Consumer-directed health plans—high-deductible health insurance plans combined with tax-advantaged savings accounts that can be used to cover unreimbursed healthcare expenditures—have generated both a lot of attention and a lot of controversy.
For some, these plans represent the most significant promise for moderating healthcare spending to have emerged over the past several decades. For others, they represent a major threat to risk- pooling and to the social solidarity that underlies health insurance. Although it is still early, some information is beginning to emerge that sheds light on the likely effects of CDHPs.
HRAs versus HSAs
Most of the evidence to date has been on health reimbursement accounts. These accounts, initially authorized in 2000, combine high- deductible plans with an employer-funded savings account. Because HRAs are owned by the employer rather than the employee and remain with the employer if the employee leaves the company, these accounts have been thought to be less influential than health savings accounts in promoting cost-conscious behavior.
HSAs, authorized by the Medicare Modernization Act, pair high-deductible plans with tax-advantaged savings accounts, are owned by the employees, and thus, are fully portable. Because HSAs so clearly represent the employees’ own money, most industry analysts have assumed that their effects will be much more pronounced—although this remains supposition until more evidence is available.
Although the precise numbers are not known, recent information suggests roughly 4 million CDHPs have been sold to date, of which about 1 million are HSAs and the remainder are HRAs. Expectations are that this number will increase dramatically in 2006. Many employers had already decided on their insurance offerings for 2005 by the time the IRS had published its rules for HSAs, so the number of offerings was artificially limited.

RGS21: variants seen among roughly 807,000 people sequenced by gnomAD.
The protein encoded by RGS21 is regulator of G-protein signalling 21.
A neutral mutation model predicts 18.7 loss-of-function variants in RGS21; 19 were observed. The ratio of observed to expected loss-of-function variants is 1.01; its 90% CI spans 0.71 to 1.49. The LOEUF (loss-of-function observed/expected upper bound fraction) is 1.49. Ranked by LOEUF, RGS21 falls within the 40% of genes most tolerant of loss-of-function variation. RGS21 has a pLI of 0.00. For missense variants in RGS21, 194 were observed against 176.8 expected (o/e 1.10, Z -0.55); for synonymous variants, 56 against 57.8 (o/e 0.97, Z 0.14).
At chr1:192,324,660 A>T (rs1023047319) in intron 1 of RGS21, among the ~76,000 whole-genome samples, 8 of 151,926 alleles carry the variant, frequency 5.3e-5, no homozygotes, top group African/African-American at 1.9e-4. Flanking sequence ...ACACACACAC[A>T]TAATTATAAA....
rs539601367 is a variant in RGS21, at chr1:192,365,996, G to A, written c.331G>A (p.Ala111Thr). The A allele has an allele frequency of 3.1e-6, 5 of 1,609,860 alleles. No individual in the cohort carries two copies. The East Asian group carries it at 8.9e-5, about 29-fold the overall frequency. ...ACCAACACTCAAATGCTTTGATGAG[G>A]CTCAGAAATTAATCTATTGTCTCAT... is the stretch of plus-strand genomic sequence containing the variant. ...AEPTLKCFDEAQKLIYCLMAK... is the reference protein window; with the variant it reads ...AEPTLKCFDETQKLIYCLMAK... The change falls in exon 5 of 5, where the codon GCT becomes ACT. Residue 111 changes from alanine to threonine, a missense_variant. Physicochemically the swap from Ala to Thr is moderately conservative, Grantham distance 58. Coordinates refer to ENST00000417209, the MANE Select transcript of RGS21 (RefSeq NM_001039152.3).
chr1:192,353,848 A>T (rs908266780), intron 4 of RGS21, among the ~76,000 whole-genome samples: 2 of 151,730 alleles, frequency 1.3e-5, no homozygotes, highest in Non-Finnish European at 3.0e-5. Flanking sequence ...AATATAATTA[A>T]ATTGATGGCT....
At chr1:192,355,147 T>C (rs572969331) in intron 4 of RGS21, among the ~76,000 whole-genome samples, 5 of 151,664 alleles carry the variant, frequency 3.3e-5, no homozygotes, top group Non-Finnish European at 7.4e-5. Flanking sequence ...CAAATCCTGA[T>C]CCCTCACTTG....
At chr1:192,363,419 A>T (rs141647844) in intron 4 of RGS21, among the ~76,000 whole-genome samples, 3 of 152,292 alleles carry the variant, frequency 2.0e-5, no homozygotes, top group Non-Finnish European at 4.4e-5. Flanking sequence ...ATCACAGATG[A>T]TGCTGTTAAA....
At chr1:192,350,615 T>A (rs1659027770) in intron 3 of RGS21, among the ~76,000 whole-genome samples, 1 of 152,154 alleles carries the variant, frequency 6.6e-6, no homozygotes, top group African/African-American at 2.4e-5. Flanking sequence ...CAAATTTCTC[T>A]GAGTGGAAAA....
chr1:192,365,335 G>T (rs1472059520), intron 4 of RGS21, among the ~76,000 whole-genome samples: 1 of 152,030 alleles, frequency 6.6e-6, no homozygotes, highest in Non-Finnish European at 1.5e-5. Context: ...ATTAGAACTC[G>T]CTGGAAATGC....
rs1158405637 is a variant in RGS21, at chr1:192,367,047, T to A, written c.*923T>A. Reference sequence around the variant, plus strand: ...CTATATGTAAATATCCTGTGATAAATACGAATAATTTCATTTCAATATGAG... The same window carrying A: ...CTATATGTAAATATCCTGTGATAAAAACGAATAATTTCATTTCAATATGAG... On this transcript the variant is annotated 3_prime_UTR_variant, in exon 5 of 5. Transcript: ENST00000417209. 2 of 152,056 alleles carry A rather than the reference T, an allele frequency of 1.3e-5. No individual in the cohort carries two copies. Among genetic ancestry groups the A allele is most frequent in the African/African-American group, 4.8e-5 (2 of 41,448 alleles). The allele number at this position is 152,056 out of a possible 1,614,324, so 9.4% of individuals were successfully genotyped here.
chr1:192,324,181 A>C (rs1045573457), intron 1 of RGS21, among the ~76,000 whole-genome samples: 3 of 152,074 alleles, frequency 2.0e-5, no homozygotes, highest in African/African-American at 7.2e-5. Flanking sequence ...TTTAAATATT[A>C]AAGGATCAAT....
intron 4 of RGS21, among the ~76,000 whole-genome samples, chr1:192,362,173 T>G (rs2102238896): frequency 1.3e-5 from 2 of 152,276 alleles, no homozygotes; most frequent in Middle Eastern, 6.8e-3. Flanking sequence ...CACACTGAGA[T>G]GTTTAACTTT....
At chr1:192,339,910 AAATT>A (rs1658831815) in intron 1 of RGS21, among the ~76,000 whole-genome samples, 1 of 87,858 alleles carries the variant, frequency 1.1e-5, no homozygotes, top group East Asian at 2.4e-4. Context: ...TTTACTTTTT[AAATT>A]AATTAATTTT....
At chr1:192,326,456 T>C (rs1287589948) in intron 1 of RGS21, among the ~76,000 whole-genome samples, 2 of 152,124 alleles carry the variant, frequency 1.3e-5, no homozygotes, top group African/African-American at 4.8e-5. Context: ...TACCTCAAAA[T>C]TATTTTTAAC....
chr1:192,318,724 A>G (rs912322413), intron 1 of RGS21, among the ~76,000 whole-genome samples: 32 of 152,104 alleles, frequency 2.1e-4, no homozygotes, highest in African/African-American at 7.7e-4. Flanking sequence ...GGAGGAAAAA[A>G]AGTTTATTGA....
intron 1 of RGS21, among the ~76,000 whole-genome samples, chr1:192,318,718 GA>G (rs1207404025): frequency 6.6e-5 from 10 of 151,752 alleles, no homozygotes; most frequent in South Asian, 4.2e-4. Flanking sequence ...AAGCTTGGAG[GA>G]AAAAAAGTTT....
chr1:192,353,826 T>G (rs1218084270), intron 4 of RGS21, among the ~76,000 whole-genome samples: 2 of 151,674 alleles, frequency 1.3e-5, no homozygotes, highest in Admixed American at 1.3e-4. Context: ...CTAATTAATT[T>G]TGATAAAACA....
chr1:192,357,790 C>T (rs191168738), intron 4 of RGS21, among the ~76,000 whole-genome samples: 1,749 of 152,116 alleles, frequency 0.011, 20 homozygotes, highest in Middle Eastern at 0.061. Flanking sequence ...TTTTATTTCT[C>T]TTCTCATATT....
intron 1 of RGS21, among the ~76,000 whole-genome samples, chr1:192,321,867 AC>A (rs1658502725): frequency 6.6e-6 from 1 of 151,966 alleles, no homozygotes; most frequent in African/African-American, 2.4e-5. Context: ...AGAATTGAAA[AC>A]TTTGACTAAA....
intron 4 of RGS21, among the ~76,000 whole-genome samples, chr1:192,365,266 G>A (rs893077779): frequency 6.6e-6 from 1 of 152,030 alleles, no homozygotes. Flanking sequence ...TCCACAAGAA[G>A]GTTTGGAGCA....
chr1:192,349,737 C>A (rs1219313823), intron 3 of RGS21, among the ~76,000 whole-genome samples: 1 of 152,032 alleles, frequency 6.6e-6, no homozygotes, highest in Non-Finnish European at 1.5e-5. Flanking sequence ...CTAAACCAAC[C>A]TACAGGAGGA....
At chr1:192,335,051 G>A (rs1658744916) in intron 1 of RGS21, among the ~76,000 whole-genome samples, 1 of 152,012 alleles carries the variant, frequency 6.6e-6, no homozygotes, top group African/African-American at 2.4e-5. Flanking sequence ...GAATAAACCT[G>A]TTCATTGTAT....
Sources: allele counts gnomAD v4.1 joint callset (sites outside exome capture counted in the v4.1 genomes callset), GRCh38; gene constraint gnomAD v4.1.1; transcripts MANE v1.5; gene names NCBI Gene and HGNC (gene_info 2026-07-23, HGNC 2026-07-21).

Most employers are claiming that they will offer some type of CDHP by 2006. Whether that will be the case, whether the CDHPs will be offered with other options or as a sole option fully replacing more traditional insurance, and what type of response they will receive remain open questions, but the answers should become clear within a matter of months. Unlike the medical savings accounts, where few major insurers ever entered the market, most of the large insurers have already entered or are entering the CDHP market. Thus, while some uncertainty remains, there is every indication that these products will be offered to a large proportion of the working population within the next year.
Experience to Date
Findings cited in a recent report from the Congressional Research Service and those reported by some individual companies have generally been encouraging, in terms of both the projected spending reductions and the changes in healthcare utilization that are anticipated to contribute to those spending reductions. Most of the reports have been based on experience with HRAs because HSAs are so new. The reports suggest spending increases are noticeably lower for CDHP enrollees than for traditional indemnity enrollees and slightly lower for CDHP enrollees than for HMO enrollees. It is uncertain, however, whether these results are sustainable over time and whether HSAs can produce similar or perhaps even better results.